[Numpy-discussion] Psyco MA?

Paul F Dubois paul at pfdubois.com
Fri Feb 7 16:29:02 CST 2003


Just to confirm the obvious, I don't know the difference between Psyco and
Pyrex and if I ever did it is Friday night and I've lost it. Any two words
that share two letters look the same to me right now. 



> -----Original Message-----
> From: numpy-discussion-admin at lists.sourceforge.net 
> [mailto:numpy-discussion-admin at lists.sourceforge.net] On 
> Behalf Of Tim Hochberg
> Sent: Friday, February 07, 2003 3:09 PM
> To: Chris Barker
> Cc: Paul F Dubois; numpy-discussion at lists.sourceforge.net
> Subject: Re: [Numpy-discussion] Psyco MA?
> 
> 
> Chris Barker wrote:
> 
> >oops, sorry about the blank message.
> >
> >Paul F Dubois wrote:
> >  
> >
> >>{ CC to GvR just to show why I'm +1 on the if-PEP. I liked this in 
> >>another
> >>    
> >>
> >
> >What the heck is the if-PEP ?
> >  
> >
> 
> Pep 308. It's stirring up a bit of a ruckos on CLP as we speak.
> 
> >>Perhaps knowlegeable persons could comment on the feasibility of 
> >>coding MA (masked arrays) in straight Python and then using 
> Psyco on 
> >>it?
> >>    
> >>
> >
> >Is there confusion between Psyco and Pyrex? Psyco runs regular old 
> >Python bytecode, and individually compiles little pieces of it as 
> >needed into machine code. AS I understand it, this should make loops 
> >where the inner part is a pretty simple operation very fast.
> >
> >However, Psyco is pretty new, and I have no idea how robust 
> and stable, 
> >but certainly not cross platform. As it generates machine code, it 
> >needs to be carefully ported to each hardware platform, and it 
> >currently only works on x86.
> >  
> >
> Psyco seems fairly stable these days. However it's one of 
> those things 
> that probably needs to get a larger cabal of users to shake 
> the bugs out 
> of it. I still only use it to play around with because all 
> things that I 
> need speed from I end up doing in Numeric anyway.
> 
> >Pyrex, on the other hand, is a "Python-like" language that 
> is tranlated 
> >into C, and then the C is compiled. It generates pretty darn 
> platform 
> >independent, so it should be able to be used on all platforms.
> >
> >
> >In regard to your question about MA (and any ther similar 
> project): I 
> >think Psyco has the potential to be the next-generation Python VM, 
> >which will have much higher performance, and therefore 
> greatly reduce 
> >the need to write extensions for the sake of performance. I supsect 
> >that it could do its best with large, multi-dimensional arrays of 
> >numbers if there is a Python native object of such a type. Psycho, 
> >however is not ready for general use on all platforms, so in the 
> >forseeable future, there is a need for other ways to get decent 
> >performance. My suggestion follows:
> >
> >  
> >
> >>It could have been written a lot simpler if performance 
> didn't dictate 
> >>trying to leverage off Numeric. In straight Python one can 
> imagine an 
> >>add, for example, that was roughly:
> >>    for k in 0<= k < len(a.data):
> >>       result.mask[k] = a.mask[k] or b.mask[k]
> >>       result.data[k] = a.data[k] if result.mask[k] else 
> a.data[k] + 
> >>b.data[k]
> >>    
> >>
> >
> >This looks like it could be written in Pyrex. If Pyrex were suitably 
> >NumArray aware, then it could work great.
> >
> >What this boils down to, in both the Pyrex and Psyco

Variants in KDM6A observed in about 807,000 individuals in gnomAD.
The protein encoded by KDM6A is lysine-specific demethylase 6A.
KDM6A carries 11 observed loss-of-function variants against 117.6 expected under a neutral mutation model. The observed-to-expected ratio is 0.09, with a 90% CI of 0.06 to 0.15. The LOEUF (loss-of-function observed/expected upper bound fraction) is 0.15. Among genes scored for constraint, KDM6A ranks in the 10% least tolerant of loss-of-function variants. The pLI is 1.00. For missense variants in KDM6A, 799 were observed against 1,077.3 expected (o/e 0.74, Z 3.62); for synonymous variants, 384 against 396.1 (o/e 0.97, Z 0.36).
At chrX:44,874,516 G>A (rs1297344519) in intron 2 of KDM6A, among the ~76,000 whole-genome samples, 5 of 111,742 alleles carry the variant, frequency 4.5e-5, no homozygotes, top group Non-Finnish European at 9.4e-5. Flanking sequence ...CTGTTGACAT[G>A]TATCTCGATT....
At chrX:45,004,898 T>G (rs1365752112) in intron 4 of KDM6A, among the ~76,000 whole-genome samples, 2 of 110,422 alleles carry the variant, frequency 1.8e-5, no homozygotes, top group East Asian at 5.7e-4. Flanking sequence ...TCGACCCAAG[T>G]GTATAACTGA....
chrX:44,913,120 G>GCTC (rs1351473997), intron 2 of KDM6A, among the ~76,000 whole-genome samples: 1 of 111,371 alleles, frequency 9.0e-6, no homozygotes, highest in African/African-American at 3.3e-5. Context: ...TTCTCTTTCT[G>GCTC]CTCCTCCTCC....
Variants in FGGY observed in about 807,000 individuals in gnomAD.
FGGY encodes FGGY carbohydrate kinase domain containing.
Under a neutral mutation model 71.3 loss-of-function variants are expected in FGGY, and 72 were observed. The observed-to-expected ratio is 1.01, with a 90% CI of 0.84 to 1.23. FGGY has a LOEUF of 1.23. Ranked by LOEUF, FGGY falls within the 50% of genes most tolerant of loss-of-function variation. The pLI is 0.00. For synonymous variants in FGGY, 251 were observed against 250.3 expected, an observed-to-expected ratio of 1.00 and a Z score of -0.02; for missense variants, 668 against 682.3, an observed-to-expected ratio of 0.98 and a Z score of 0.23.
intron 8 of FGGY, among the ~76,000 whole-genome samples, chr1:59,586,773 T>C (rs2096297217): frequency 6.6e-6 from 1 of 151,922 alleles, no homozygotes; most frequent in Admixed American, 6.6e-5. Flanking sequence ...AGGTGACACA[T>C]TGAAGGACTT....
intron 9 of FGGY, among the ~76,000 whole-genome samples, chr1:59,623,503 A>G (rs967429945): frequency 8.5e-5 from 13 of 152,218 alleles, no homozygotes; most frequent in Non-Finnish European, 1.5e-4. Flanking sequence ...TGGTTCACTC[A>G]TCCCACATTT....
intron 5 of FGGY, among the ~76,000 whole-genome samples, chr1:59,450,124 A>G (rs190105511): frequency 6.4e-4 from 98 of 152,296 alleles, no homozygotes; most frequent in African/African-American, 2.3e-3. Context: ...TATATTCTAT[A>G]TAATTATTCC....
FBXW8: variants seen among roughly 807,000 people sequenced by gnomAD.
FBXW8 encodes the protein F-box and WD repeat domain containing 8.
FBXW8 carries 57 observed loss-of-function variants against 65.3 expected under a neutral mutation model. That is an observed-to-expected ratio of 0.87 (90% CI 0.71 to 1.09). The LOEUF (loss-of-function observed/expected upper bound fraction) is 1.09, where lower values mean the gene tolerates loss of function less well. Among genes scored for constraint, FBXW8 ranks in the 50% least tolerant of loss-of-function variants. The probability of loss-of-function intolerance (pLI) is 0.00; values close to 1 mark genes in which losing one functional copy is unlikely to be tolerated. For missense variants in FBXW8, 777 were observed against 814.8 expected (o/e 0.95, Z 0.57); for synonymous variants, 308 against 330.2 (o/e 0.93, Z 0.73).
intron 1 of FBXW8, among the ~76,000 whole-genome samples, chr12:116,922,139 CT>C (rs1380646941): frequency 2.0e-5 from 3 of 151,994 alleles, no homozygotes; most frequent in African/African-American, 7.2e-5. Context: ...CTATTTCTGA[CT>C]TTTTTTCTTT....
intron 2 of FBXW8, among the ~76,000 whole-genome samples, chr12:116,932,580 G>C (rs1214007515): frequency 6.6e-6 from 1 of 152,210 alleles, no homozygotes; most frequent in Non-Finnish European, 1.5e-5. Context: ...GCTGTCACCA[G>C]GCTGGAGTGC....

> options, is that 
> >having a multi-dimensional homogenous numeric data type that is 
> >"Native" Python is a great idea! With Pyrex and/or Psyco, Numeric3 
> >(NumArray2 ?) could be implimented by having only the 
> samallest core in 
> >C, and then rest in Python (or Pyrex)
> >  
> >
> For Psyco at least you don't need a multidimensional type. 
> You can get 
> good results with flat array, in particular array.array. The number I 
> posted earlier showed comparable performance for Numeric and a 
> multidimensional array type written all in python and psycoized.
> 
> And since I suspect  that I'm the mysterious person who's name Paul 
> couldn't remember, let me say I suspect the MA would be faster in 
> psycoized python than what your doing now as long as a.data was an 
> instance of array.array. However, there are at least three problems. 
> Psyco doesn't fully support the floating point type('f') right now 
> (although it does support most of the various  integral types in 
> addition to 'd'). I assume that these masked arrays are 
> multidimensional, so someone would have to build the basic 
> multidimensional machinery around array.array to make them 
> work. I have 
> a good start on this, but I'm not sure when I'm going to have time to 
> work on this more. The biggy though is that psyco only works on x86 
> machines.  What we really need to do is to clone Armin.
> 
> >While the Psyco option is the rosy future of Python, Pyrex 
> is here now, 
> >and maybe adopting it to handle NumArrays well would be easier than 
> >re-writing a bunch of NumArray in C.
> >  
> >
> This sounds like you're conflating two different issues. The 
> first issue 
> is that Numarray is relatively slow for small arrays.  Pyrex 
> may indeed 
> be an easier way to attack this although I wouldn't know, I've only 
> looked at it not tried to use it. However, I think that this is 
> something that can and should wait. Once use cases of numarray being 
> _too_ slow for small arrays start piling up, then it will be time to 
> attack the overhead. Premature optimization is the root of 
> all evil and 
> all that.
> 
> The second issue is how to deal with code that does not 
> vectorize well. 
> Here Pyrex again might help if it were made Numarray aware. However, 
> isn't this what scipy.weave already does? Again, I haven't 
> used weave, 
> but as I understand it, it's another python-c bridge, but one that's 
> more geared toward numerics stuff.
> 
> 
> -tim
> 
> 
> 
> 
> 
> 
> 
> 
> 
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